(n. p.): 1910. One printed sheet of grey-green paper, folded once vertically.  pp. 9-3/8" x 5-3/4". Printed self-wrappers. Now housed in an archival mylar sleeve. Faint vertical fold-line. Nr Fine. Item #36841
Claude Grahame-White was the Glamour Boy of early aviation... somewhat of a playboy, with no engineering background whatsoever, Grahame-White became enamoured of flying when, in 1908, he saw the Wright's demonstrate their invention to the French crowds at Camp d’Auvours. Within a relatively short time, self-taught, Grahame-White soloed his Blériot without a formal lesson. He quickly made a name for himself as a dashing aviator, when, in 1910, J. V. Martin of the Harvard Aeronautical Society, invited him to compete in the first Boston-Harvard Meet. With the promise of a $50,000 retainer & expenses, Grahame-White accepted. Grahame-White won that one, and others, as he thrilled spectators with his races & aerial exhibitions such as that announced in this "One-man Show" program.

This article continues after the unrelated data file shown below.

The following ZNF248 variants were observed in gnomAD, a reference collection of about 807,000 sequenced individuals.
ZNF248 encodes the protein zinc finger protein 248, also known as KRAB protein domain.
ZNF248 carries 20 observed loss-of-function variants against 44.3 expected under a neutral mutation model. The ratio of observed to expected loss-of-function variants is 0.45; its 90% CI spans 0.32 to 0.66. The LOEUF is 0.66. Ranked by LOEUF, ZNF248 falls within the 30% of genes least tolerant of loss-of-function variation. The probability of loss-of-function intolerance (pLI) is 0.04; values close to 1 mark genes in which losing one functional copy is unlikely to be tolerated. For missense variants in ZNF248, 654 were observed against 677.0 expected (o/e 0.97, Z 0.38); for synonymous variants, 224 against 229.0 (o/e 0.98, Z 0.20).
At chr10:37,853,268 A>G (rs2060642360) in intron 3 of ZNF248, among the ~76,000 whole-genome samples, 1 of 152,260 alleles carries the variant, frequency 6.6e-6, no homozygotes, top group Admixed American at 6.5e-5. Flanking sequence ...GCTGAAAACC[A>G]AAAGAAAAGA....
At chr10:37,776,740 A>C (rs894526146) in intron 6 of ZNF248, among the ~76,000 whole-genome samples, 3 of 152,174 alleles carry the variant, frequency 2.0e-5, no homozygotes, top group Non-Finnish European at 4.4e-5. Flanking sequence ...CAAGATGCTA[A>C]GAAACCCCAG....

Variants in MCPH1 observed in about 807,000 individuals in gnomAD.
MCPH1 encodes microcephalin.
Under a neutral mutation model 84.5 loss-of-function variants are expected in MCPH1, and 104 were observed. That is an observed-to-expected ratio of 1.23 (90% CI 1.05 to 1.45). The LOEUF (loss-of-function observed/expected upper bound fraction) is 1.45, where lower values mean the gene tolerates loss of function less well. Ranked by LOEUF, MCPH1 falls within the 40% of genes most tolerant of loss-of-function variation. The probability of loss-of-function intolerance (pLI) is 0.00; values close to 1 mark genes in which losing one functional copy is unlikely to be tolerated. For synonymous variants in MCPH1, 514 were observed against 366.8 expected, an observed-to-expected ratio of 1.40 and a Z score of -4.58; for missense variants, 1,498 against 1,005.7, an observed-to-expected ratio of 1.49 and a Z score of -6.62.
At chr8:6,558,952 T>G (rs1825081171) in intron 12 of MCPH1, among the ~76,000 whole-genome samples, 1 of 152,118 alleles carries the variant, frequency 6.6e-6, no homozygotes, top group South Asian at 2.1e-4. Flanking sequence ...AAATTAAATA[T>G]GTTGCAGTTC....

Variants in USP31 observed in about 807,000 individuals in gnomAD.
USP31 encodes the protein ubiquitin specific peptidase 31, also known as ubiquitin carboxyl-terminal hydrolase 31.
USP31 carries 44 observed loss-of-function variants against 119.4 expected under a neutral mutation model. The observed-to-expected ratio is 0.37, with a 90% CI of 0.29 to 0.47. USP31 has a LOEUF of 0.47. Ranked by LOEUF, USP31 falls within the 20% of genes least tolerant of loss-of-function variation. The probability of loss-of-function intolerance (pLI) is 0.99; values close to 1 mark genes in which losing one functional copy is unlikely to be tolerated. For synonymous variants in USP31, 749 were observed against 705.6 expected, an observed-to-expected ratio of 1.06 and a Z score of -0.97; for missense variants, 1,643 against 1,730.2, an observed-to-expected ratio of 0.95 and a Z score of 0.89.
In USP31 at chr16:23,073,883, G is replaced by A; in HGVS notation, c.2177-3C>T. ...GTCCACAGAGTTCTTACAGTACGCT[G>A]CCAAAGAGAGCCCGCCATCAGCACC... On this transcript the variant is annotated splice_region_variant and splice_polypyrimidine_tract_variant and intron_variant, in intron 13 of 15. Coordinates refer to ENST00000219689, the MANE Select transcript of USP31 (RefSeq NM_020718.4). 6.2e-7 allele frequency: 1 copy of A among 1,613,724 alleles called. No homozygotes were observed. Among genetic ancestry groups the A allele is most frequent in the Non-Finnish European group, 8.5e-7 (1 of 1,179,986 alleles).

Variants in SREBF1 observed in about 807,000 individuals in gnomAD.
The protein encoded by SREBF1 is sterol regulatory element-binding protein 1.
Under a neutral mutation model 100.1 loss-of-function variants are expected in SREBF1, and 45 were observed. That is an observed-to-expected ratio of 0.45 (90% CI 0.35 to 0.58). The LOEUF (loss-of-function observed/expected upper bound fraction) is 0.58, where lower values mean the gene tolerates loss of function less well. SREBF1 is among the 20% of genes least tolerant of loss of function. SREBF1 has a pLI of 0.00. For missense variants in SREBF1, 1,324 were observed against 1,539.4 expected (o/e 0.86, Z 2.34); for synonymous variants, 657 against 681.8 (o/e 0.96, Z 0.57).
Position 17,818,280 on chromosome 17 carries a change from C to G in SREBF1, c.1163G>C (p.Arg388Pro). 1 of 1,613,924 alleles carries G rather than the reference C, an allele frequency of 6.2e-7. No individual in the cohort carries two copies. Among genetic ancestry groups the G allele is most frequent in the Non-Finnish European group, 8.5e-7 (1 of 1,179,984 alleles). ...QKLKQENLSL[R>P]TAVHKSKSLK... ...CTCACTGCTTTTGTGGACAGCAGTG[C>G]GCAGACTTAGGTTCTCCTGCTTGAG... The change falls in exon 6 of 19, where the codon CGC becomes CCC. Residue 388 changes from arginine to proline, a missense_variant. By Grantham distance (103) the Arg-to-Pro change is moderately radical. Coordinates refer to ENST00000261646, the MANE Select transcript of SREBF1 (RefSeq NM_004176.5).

This rare survivor lists the divers aerial stunts to be performed by Grahame-White during the day... "With the Bleriot Monoplane" includes a dive from 4000 feet "with engine stopped." "With the Farman Biplane", the 12 planned events include "Aerial switchback flying", "The corkscrew glide [spin?] from a high altitude." & "Knocking down ninepins placed on the ground, without alighting."
With this sort of exhibition, and his dashing & flamboyant personality, the handsome Grahame-White gave the new aviation field, previously dominated by engineers, something that had been lacking to date... a 'sexy' nature.